I encourage you to give it a shot. Give up passionate kissing until you are married. Keep the affection simple. If you have a difficult time accepting this, then have the honesty to ask yourself why. If you could not make out with your boyfriend, would that hinder your ability to love him? Would not being able to kiss your girlfriend in this way hinder your ability to glorify God or to lead her to heaven? How much are our intentions directed toward our gratification, and how much to God’s glorification?
Simply put, sexual morality is about glorifying God with your body. The way you use your sexuality should reflect your love for God and should express the love of God to others. If an area seems gray, then do not go there. Do only those things that you confidently know glorify God.
If you struggle with this issue, take it to prayer. If you truly wish to know the will of God as it relates to purity, I know he will show you. You just have to sit still long enough to listen. Sure, this is difficult, but love is willing to sacrifice big things as well as small ones for the good of the beloved.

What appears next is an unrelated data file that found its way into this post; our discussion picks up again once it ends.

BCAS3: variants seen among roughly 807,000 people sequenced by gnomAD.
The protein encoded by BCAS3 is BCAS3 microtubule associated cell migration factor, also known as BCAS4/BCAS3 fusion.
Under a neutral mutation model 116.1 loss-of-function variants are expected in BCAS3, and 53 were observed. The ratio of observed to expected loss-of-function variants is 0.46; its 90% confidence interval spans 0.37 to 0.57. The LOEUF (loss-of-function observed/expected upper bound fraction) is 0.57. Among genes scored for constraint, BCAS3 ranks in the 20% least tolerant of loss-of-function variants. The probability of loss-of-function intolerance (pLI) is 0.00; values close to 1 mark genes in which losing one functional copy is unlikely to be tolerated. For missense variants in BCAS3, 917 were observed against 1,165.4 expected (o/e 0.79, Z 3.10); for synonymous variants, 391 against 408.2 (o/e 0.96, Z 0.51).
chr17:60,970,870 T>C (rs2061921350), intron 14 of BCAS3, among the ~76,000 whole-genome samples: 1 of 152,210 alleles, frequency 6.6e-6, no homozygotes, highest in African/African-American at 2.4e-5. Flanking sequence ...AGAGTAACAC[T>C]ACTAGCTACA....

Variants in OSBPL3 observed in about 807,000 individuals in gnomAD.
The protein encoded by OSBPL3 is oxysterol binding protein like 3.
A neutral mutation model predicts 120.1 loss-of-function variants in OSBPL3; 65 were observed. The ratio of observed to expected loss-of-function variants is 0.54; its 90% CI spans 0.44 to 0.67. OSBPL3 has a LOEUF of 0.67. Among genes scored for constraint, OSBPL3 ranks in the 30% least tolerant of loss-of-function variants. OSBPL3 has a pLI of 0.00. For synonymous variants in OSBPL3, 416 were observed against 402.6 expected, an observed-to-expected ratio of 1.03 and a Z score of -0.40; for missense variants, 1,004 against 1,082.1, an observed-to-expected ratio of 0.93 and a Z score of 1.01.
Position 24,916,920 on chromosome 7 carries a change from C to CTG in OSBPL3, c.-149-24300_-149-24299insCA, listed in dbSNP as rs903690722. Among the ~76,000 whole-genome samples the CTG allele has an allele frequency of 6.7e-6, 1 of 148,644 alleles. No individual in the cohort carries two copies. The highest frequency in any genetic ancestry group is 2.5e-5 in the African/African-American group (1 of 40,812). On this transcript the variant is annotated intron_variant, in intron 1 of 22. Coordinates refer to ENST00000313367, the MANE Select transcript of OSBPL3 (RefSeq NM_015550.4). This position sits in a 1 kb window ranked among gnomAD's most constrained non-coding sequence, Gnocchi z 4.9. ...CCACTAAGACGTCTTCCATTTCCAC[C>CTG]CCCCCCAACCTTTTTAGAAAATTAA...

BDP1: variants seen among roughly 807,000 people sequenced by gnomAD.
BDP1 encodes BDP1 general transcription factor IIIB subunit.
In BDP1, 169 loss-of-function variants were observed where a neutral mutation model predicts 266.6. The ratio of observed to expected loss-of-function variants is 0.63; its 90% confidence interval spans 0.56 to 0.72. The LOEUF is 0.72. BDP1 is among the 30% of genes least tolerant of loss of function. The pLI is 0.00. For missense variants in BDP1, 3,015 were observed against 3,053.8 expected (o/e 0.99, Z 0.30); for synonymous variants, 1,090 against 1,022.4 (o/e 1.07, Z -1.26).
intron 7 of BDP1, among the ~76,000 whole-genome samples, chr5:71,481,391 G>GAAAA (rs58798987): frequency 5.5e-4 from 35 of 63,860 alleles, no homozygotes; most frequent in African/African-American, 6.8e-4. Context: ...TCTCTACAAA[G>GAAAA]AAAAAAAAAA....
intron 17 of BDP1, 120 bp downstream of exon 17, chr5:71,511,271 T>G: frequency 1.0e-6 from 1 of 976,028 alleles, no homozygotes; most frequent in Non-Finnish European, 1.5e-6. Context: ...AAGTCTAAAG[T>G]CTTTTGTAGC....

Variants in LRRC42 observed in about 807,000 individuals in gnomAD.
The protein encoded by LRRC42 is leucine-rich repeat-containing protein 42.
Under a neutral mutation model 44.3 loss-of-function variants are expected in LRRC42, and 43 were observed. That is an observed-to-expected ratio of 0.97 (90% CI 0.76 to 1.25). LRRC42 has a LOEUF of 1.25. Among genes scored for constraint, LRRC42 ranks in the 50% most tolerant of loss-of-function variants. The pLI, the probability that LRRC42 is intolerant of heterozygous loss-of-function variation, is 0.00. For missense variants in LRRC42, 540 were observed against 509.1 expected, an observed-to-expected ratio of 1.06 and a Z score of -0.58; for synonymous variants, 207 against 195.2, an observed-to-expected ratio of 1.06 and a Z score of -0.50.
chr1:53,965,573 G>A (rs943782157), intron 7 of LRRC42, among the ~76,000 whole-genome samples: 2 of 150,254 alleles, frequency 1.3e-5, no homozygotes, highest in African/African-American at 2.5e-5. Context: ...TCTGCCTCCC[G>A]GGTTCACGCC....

More and more often I hear of couples who save their first kiss for the wedding day. At first this sounded crazy to me, but then I noticed that they were not giving up kissing on the lips because it was evil or because they could not control themselves but because they cherished a simple kiss so much that they wanted God and the world to witness their first one. Their first kiss could be offered as a prayer.
With all this having been said, we should not be stuck on how close we can get to sin. When our hearts are right with God, we are concerned with what is truly pure and how we can glorify God with our bodies. We want every act of affection to be a reflection of the fact that he is first in our lives. Until that is the case, then we’ll have a terribly hard time discerning love from lust.
. Elisabeth Elliot, Passion and Purity (Grand Rapids, Mich.: Revell, 1984), 131.